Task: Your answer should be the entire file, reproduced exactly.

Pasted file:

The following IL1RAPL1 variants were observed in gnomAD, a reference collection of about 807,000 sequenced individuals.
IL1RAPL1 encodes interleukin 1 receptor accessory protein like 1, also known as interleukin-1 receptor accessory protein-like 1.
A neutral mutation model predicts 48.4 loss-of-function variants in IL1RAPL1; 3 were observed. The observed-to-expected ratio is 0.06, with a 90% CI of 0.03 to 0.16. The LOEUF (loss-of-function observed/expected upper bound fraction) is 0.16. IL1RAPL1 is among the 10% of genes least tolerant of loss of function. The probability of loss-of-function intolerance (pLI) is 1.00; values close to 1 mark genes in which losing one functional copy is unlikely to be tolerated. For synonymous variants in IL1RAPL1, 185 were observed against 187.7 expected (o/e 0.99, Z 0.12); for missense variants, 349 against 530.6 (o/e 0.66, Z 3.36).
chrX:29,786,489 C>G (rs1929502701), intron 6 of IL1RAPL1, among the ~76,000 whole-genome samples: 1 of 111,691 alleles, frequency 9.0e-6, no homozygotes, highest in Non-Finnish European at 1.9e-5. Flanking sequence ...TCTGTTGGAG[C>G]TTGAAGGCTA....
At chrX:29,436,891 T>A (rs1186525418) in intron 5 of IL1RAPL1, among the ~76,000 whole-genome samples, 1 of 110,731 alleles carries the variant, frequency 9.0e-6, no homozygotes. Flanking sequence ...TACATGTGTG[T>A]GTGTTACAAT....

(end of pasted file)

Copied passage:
The following IL1RAPL1 variants were observed in gnomAD, a reference collection of about 807,000 sequenced individuals.
IL1RAPL1 encodes interleukin 1 receptor accessory protein like 1, also known as interleukin-1 receptor accessory protein-like 1.
A neutral mutation model predicts 48.4 loss-of-function variants in IL1RAPL1; 3 were observed. The observed-to-expected ratio is 0.06, with a 90% CI of 0.03 to 0.16. The LOEUF (loss-of-function observed/expected upper bound fraction) is 0.16. IL1RAPL1 is among the 10% of genes least tolerant of loss of function. The probability of loss-of-function intolerance (pLI) is 1.00; values close to 1 mark genes in which losing one functional copy is unlikely to be tolerated. For synonymous variants in IL1RAPL1, 185 were observed against 187.7 expected (o/e 0.99, Z 0.12); for missense variants, 349 against 530.6 (o/e 0.66, Z 3.36).
chrX:29,786,489 C>G (rs1929502701), intron 6 of IL1RAPL1, among the ~76,000 whole-genome samples: 1 of 111,691 alleles, frequency 9.0e-6, no homozygotes, highest in Non-Finnish European at 1.9e-5. Flanking sequence ...TCTGTTGGAG[C>G]TTGAAGGCTA....
At chrX:29,436,891 T>A (rs1186525418) in intron 5 of IL1RAPL1, among the ~76,000 whole-genome samples, 1 of 110,731 alleles carries the variant, frequency 9.0e-6, no homozygotes. Flanking sequence ...TACATGTGTG[T>A]GTGTTACAAT....